Multiplied out, the dimensions of the room are 1900 cm by 1275 cm by 450 cm. That makes for a volume of 1,090,125,000 cubic centimeters. Now all we need is a little division to conclude that in order to fill LC 101 to the gills with Skittles, you’d need 580,539,941 of them. That’s 9,214,919 packs. At 55 cents per, the running WaWa price, you’d have to shell out $5,068,205.83 (Ernie would probably have a fit)—but don’t forget that the 6% Connecticut sales tax would set you back another $304,092.35, so in the end you’d spend $5,372,298.18.

Once you bought the Skittles you’d have to figure out how to carry them the one block from Wa’s to LC; remember that you have more than nine million packs, which at 2.17 ounces each translates to 625 tons. Fortunately, there’s Valley Sand and Gravel out in North Haven: you could park a fleet of 31 three-axle, 20-ton capacity dump trucks along York Street to do the job.

Imagine now that all the Skittles have been paid for and transported. LC 101 is full. What happens next? Do the half-billion odd Skittles simply go to waste? Shouldn’t somebody eat them? I think we can all tell where the argument is heading. Thus the second major question: What would happen if you ate nothing but Skittles for an indefinite period? Would you die?

For this part I consulted Health & Fitness Works in Milford, Dr. Suzanne P. Quintner, head honcho. Though Skittles do contain 30 mg Vitamin C (50% of your US recommended daily allowance), all in all they really aren’t very good for you. The biggest problem is that they don’t have any protein. If you ate Skittles exclusively, you’d sink into Protein Deficiency Syndrome, or kwashiorkor. The first symptom is apathy: you’d no longer care about your tragic predicament, you’d stop looking for ways to escape LC, you’d forget to vote.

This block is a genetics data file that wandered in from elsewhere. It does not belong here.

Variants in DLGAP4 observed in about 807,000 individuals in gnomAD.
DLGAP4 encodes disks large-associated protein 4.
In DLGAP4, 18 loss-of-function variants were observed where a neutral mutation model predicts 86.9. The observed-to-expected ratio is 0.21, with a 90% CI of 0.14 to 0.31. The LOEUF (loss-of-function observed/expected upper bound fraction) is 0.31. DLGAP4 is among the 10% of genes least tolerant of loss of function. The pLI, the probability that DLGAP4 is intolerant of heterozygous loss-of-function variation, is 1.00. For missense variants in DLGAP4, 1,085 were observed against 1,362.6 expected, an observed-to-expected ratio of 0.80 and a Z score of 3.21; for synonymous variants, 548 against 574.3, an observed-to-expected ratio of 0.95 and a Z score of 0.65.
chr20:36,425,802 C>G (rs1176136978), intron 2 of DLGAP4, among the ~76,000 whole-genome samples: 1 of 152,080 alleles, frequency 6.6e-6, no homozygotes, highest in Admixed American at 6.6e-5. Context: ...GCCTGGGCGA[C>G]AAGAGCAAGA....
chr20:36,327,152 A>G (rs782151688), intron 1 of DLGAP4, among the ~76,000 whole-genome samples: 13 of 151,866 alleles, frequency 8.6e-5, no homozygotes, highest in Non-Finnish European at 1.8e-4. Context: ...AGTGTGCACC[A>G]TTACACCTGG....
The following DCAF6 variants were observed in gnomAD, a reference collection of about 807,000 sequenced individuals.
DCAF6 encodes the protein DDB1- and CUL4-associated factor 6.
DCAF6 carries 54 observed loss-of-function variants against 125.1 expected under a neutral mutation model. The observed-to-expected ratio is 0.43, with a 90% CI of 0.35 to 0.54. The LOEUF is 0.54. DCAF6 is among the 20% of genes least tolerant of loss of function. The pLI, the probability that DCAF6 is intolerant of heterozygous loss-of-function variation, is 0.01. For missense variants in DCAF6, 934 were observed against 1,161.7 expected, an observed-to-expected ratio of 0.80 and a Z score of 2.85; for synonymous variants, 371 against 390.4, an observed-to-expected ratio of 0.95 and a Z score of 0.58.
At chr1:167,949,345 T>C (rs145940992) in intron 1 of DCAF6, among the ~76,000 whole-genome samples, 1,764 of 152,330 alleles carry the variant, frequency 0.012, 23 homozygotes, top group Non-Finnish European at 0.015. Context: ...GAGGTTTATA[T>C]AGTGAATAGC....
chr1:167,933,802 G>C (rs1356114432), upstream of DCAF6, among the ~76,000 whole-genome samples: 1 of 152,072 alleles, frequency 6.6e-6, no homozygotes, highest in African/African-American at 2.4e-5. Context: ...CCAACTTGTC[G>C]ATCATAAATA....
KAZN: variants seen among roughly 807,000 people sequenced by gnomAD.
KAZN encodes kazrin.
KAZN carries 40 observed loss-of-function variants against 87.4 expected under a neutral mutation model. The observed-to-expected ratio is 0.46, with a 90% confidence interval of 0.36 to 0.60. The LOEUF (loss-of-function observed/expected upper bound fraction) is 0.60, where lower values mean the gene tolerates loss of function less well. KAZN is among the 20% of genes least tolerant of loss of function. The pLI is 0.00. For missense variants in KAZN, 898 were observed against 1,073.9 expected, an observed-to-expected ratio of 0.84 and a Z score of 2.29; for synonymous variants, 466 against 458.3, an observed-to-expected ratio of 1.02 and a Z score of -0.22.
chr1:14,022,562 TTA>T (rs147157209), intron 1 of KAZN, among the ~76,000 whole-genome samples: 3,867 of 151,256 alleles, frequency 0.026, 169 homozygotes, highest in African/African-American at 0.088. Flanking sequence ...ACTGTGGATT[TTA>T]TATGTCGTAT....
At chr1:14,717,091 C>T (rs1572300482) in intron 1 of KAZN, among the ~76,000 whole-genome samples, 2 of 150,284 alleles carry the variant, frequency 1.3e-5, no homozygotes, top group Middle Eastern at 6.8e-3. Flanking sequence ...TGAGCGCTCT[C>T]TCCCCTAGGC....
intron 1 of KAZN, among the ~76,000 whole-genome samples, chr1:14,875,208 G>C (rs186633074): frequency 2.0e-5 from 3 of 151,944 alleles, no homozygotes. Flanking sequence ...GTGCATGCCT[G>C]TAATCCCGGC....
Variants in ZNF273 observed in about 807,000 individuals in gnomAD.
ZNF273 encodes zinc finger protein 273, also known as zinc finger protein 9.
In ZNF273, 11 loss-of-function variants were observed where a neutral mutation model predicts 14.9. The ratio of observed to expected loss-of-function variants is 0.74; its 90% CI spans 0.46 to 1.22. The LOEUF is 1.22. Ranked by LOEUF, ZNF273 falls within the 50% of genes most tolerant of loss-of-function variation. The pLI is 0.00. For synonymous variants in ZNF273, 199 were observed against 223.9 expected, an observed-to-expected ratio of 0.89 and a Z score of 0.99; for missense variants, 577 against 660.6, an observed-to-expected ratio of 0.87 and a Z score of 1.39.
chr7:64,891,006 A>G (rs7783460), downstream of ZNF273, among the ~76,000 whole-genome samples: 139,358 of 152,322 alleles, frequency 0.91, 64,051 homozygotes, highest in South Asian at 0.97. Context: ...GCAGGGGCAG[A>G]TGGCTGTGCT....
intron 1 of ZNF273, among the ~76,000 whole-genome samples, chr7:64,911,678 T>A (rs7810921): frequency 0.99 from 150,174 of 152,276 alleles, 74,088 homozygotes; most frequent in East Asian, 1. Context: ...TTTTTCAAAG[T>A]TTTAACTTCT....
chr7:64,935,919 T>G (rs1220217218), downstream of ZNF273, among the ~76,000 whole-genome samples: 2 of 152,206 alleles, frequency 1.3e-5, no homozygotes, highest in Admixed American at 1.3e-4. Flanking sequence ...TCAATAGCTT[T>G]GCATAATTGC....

Then your muscle mass would begin to break down, so physically, your body wouldn’t be able to keep up with the energy rushes the Skittles would provide. You’d get weaker and weaker. Standing up would bring about tremendous head rushes. At this point you’d probably stop having enough energy even to brush your teeth, so you’d be a victim of profound mouth rot and cankor sores as well, not to mention severe sugar-induced acne. This process would take many weeks, and you’d spend most of your time sitting, carving things into the desks, if you could even manage that.

After a few more weeks of the Skittle Kwashiorkor Diet you’d start to notice that your new hair and skin was being produced without pigment because of protein deprivation. Eventually your weakness and apathy would shift into anemia. Here’s where things start getting bleak. Your blood would lose its ability to clot, production of digestive enzymes would become severely limited, you’d start to suffer from fatty liver and constant diarrhea. At this point almost anything, with the possible exception of scurvy, could knock you out for good—a cold, skinning your knee, dehydration, dysentery. As you breathed your last you’d curse the bite-sized candy that bit you, and hope that the ambrosia flowing in the afterlife doesn’t come in strawberry, grape, lemon, lime, or orange.